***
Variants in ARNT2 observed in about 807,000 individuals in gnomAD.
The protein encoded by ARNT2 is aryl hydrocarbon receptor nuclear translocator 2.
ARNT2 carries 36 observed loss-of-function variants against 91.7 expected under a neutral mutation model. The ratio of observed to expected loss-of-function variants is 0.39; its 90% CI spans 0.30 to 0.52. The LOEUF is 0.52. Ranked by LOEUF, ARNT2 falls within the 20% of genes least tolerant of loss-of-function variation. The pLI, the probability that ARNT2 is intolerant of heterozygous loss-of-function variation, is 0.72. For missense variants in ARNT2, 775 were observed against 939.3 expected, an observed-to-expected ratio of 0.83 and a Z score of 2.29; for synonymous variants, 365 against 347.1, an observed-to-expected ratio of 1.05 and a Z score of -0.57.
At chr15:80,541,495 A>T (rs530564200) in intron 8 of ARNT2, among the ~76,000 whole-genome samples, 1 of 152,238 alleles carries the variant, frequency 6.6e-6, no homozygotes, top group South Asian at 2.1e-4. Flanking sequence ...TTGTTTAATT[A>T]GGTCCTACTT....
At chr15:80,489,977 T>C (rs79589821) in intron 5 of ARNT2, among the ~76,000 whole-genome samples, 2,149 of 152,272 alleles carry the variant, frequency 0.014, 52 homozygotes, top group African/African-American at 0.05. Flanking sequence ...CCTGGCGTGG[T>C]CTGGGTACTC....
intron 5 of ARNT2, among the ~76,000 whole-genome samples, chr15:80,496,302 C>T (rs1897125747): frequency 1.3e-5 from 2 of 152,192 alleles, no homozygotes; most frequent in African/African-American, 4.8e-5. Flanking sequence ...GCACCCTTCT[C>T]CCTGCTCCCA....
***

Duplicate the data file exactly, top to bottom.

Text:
Variants in ARNT2 observed in about 807,000 individuals in gnomAD.
The protein encoded by ARNT2 is aryl hydrocarbon receptor nuclear translocator 2.
ARNT2 carries 36 observed loss-of-function variants against 91.7 expected under a neutral mutation model. The ratio of observed to expected loss-of-function variants is 0.39; its 90% CI spans 0.30 to 0.52. The LOEUF is 0.52. Ranked by LOEUF, ARNT2 falls within the 20% of genes least tolerant of loss-of-function variation. The pLI, the probability that ARNT2 is intolerant of heterozygous loss-of-function variation, is 0.72. For missense variants in ARNT2, 775 were observed against 939.3 expected, an observed-to-expected ratio of 0.83 and a Z score of 2.29; for synonymous variants, 365 against 347.1, an observed-to-expected ratio of 1.05 and a Z score of -0.57.
At chr15:80,541,495 A>T (rs530564200) in intron 8 of ARNT2, among the ~76,000 whole-genome samples, 1 of 152,238 alleles carries the variant, frequency 6.6e-6, no homozygotes, top group South Asian at 2.1e-4. Flanking sequence ...TTGTTTAATT[A>T]GGTCCTACTT....
At chr15:80,489,977 T>C (rs79589821) in intron 5 of ARNT2, among the ~76,000 whole-genome samples, 2,149 of 152,272 alleles carry the variant, frequency 0.014, 52 homozygotes, top group African/African-American at 0.05. Flanking sequence ...CCTGGCGTGG[T>C]CTGGGTACTC....
intron 5 of ARNT2, among the ~76,000 whole-genome samples, chr15:80,496,302 C>T (rs1897125747): frequency 1.3e-5 from 2 of 152,192 alleles, no homozygotes; most frequent in African/African-American, 4.8e-5. Flanking sequence ...GCACCCTTCT[C>T]CCTGCTCCCA....